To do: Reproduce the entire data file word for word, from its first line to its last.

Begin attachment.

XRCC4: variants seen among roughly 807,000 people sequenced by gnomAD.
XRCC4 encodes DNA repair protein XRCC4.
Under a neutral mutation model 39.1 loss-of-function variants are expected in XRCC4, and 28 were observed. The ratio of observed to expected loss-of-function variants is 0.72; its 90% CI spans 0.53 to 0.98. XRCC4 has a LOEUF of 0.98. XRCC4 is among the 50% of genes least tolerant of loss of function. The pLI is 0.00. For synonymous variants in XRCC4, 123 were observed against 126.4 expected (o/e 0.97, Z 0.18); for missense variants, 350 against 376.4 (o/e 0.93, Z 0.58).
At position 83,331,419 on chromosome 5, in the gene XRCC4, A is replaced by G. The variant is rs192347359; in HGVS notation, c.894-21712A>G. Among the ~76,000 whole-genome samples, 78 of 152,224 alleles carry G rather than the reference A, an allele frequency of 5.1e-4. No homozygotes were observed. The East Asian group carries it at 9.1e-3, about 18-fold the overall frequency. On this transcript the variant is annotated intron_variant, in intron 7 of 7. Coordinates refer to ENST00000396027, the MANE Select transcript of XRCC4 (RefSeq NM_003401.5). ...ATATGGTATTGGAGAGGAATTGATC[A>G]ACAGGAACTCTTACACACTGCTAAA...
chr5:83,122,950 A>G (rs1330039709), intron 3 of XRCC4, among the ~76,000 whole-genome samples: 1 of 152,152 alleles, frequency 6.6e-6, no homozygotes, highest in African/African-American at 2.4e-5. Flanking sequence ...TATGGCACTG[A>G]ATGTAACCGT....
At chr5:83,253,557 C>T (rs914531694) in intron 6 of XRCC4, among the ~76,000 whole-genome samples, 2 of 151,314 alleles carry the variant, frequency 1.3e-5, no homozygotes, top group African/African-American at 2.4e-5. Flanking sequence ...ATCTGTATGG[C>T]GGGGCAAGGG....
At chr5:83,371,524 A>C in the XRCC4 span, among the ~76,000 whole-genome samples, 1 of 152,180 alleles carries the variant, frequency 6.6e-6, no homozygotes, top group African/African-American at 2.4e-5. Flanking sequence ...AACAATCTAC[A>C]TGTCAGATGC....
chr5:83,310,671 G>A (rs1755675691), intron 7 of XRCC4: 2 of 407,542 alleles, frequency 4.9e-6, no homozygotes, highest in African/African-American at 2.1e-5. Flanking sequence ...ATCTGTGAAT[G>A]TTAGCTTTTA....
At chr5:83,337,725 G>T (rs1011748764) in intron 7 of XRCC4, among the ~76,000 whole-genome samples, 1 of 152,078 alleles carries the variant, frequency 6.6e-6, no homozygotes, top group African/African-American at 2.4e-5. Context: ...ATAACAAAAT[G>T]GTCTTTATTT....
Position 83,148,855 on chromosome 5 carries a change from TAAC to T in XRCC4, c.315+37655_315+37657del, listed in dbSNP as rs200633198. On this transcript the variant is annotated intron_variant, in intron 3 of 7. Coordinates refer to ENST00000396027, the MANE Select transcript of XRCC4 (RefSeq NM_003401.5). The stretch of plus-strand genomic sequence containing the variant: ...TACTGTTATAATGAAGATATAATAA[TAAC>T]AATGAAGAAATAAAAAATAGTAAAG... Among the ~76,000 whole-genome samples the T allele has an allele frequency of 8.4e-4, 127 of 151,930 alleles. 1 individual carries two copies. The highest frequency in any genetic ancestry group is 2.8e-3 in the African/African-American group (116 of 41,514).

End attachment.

XRCC4: variants seen among roughly 807,000 people sequenced by gnomAD.
XRCC4 encodes DNA repair protein XRCC4.
Under a neutral mutation model 39.1 loss-of-function variants are expected in XRCC4, and 28 were observed. The ratio of observed to expected loss-of-function variants is 0.72; its 90% CI spans 0.53 to 0.98. XRCC4 has a LOEUF of 0.98. XRCC4 is among the 50% of genes least tolerant of loss of function. The pLI is 0.00. For synonymous variants in XRCC4, 123 were observed against 126.4 expected (o/e 0.97, Z 0.18); for missense variants, 350 against 376.4 (o/e 0.93, Z 0.58).
At position 83,331,419 on chromosome 5, in the gene XRCC4, A is replaced by G. The variant is rs192347359; in HGVS notation, c.894-21712A>G. Among the ~76,000 whole-genome samples, 78 of 152,224 alleles carry G rather than the reference A, an allele frequency of 5.1e-4. No homozygotes were observed. The East Asian group carries it at 9.1e-3, about 18-fold the overall frequency. On this transcript the variant is annotated intron_variant, in intron 7 of 7. Coordinates refer to ENST00000396027, the MANE Select transcript of XRCC4 (RefSeq NM_003401.5). ...ATATGGTATTGGAGAGGAATTGATC[A>G]ACAGGAACTCTTACACACTGCTAAA...
chr5:83,122,950 A>G (rs1330039709), intron 3 of XRCC4, among the ~76,000 whole-genome samples: 1 of 152,152 alleles, frequency 6.6e-6, no homozygotes, highest in African/African-American at 2.4e-5. Flanking sequence ...TATGGCACTG[A>G]ATGTAACCGT....
At chr5:83,253,557 C>T (rs914531694) in intron 6 of XRCC4, among the ~76,000 whole-genome samples, 2 of 151,314 alleles carry the variant, frequency 1.3e-5, no homozygotes, top group African/African-American at 2.4e-5. Flanking sequence ...ATCTGTATGG[C>T]GGGGCAAGGG....
At chr5:83,371,524 A>C in the XRCC4 span, among the ~76,000 whole-genome samples, 1 of 152,180 alleles carries the variant, frequency 6.6e-6, no homozygotes, top group African/African-American at 2.4e-5. Flanking sequence ...AACAATCTAC[A>C]TGTCAGATGC....
chr5:83,310,671 G>A (rs1755675691), intron 7 of XRCC4: 2 of 407,542 alleles, frequency 4.9e-6, no homozygotes, highest in African/African-American at 2.1e-5. Flanking sequence ...ATCTGTGAAT[G>A]TTAGCTTTTA....
At chr5:83,337,725 G>T (rs1011748764) in intron 7 of XRCC4, among the ~76,000 whole-genome samples, 1 of 152,078 alleles carries the variant, frequency 6.6e-6, no homozygotes, top group African/African-American at 2.4e-5. Context: ...ATAACAAAAT[G>T]GTCTTTATTT....
Position 83,148,855 on chromosome 5 carries a change from TAAC to T in XRCC4, c.315+37655_315+37657del, listed in dbSNP as rs200633198. On this transcript the variant is annotated intron_variant, in intron 3 of 7. Coordinates refer to ENST00000396027, the MANE Select transcript of XRCC4 (RefSeq NM_003401.5). The stretch of plus-strand genomic sequence containing the variant: ...TACTGTTATAATGAAGATATAATAA[TAAC>T]AATGAAGAAATAAAAAATAGTAAAG... Among the ~76,000 whole-genome samples the T allele has an allele frequency of 8.4e-4, 127 of 151,930 alleles. 1 individual carries two copies. The highest frequency in any genetic ancestry group is 2.8e-3 in the African/African-American group (116 of 41,514).